Why Sleep Is the Best Thing You Can Do For Your Brain

Daily Health Solutions, Featured Article, Healthy Living, Mental Health & Sleep Center, Sleep
on September 23, 2014
sleep and brain health

According to the CDC, almost half of the adult population—an estimated 70 million Americans—doesn’t get enough sleep. But making sure you get your 40 winks is crucial. Research shows that failing to get enough sleep is detrimental to your overall health, and especially the health of your noggin.

Confirming the intricate relationship between sleep and brain functioning, a new study published in the journal Current Biology found that our brains don’t simply tune out while we doze; rather, they are quite busy organizing and storing away memories of events. The researchers discovered that sleep activates a slew of electrical pulses and neurons in the brain that process information from the day and balance out hormones, enzymes, and proteins in the body. In fact, an earlier study found that long-term sleep deprivation can even kill off these neurons over time. So you’re not just snoozing—you’re improving your mental health, boosting your immune system, and repairing your body.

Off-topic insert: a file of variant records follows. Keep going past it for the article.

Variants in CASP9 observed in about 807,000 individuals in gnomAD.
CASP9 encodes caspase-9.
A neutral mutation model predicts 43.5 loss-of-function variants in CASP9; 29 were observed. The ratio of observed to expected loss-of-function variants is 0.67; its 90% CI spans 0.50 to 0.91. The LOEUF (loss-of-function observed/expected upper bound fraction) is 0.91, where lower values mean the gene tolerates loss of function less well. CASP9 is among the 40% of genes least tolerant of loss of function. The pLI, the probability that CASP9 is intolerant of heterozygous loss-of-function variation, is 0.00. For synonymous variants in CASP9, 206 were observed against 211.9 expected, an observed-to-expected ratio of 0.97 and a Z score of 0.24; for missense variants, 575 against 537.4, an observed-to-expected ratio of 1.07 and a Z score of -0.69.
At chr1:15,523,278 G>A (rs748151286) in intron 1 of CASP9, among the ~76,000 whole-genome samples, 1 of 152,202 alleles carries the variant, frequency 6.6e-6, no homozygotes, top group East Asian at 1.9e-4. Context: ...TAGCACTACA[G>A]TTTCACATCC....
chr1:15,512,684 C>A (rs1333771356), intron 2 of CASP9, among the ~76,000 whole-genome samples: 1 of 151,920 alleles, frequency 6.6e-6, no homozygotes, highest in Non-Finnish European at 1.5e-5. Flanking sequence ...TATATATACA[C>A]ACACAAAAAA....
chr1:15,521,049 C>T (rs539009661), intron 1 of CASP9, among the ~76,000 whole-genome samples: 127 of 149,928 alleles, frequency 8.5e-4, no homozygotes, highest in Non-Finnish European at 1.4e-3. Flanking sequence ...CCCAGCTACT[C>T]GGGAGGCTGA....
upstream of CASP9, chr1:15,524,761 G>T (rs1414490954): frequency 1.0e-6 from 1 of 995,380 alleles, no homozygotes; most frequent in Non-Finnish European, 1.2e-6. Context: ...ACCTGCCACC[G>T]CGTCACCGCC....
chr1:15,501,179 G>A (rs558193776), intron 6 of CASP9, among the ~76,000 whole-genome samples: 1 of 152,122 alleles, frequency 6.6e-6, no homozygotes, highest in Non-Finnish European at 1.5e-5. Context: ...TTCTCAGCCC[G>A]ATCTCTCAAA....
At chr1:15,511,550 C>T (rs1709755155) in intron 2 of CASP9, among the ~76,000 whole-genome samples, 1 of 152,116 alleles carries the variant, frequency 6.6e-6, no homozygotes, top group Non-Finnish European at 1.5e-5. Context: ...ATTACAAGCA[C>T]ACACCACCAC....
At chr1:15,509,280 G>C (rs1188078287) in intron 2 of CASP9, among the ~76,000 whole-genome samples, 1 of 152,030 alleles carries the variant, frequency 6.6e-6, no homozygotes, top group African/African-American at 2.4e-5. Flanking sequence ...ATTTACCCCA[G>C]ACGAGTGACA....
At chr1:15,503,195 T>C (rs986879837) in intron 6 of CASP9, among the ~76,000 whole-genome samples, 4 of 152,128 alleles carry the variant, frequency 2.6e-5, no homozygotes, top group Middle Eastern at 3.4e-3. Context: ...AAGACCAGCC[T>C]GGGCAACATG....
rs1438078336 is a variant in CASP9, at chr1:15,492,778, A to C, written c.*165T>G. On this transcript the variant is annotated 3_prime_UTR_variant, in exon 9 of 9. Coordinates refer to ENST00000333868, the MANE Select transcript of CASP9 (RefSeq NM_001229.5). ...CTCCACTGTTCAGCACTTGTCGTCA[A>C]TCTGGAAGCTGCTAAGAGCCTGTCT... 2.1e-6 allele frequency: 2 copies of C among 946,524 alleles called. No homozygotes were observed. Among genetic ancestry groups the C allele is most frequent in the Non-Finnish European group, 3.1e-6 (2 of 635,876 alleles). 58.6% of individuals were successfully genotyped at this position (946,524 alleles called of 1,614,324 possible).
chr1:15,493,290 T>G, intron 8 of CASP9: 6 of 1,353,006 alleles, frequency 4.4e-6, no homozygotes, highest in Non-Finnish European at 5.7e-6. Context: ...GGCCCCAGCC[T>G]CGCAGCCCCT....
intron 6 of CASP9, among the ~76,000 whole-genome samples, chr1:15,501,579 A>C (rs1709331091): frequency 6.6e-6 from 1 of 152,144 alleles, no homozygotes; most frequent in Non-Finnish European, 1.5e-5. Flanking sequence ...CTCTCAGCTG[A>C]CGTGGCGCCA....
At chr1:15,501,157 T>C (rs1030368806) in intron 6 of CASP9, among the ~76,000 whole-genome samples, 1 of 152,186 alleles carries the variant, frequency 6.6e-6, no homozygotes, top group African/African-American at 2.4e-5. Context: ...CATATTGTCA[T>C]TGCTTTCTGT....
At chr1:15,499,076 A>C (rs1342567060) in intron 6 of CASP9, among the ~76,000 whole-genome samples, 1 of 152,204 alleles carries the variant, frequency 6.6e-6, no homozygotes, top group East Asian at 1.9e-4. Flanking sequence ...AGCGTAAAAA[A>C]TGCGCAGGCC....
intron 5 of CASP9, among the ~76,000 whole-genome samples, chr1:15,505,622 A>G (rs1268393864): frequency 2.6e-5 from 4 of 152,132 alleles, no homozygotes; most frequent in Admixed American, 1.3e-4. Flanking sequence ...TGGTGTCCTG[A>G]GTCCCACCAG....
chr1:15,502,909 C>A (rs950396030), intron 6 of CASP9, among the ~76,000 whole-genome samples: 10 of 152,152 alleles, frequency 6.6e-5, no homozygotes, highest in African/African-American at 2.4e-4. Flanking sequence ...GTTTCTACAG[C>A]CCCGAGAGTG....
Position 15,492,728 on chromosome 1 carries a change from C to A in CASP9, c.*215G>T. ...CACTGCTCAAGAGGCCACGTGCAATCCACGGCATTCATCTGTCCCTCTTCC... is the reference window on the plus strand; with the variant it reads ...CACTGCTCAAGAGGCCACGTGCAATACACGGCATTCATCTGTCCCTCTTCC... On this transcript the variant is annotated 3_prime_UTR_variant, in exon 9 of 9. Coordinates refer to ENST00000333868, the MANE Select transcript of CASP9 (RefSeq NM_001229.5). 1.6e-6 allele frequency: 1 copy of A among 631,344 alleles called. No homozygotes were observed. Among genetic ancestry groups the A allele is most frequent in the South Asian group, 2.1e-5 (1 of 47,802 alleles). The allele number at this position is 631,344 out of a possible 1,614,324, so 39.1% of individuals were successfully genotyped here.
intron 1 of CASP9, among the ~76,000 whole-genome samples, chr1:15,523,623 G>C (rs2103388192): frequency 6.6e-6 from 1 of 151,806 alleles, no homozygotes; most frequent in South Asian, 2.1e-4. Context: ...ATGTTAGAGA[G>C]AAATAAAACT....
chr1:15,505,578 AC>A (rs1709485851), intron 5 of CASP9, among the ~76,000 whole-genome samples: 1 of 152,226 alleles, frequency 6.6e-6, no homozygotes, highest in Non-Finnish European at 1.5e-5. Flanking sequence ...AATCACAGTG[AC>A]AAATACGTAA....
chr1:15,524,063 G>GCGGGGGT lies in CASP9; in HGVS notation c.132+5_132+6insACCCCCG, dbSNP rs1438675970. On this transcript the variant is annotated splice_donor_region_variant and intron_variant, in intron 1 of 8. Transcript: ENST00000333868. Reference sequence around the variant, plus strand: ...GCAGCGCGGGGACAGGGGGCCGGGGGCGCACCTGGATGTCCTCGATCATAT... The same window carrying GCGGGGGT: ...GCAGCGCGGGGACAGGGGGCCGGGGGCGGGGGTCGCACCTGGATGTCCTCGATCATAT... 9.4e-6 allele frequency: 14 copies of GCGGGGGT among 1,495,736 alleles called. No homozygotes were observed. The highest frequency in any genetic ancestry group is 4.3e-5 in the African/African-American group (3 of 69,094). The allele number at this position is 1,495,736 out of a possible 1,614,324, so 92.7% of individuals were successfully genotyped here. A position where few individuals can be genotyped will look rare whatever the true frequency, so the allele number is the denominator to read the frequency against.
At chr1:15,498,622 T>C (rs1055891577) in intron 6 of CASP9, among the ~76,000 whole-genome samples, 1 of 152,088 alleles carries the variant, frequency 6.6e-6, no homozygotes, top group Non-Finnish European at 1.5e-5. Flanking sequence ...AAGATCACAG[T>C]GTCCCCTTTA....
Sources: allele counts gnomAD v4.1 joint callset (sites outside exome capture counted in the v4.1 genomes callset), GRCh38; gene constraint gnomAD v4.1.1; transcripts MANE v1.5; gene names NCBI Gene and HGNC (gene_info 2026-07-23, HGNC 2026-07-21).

Furthermore, a lack of quality z’s can take a toll on your waistline. Numerous studies have explored the ways in which sleep deprivation leads to numerous health problems, including obesity, high blood pressure and diabetes. All compelling reasons to hit the hay earlier tonight.

So how much shuteye do we really need? The National Institutes of Health recommends that adults log at between seven to eight hours of slumber, while children and teenagers need even more than that. Your brain has a 24/7 job, so give it what it needs. The best thing you can do is sleep on it!

Tune in below to learn more about the fascinating link between sleep and cognitive functioning: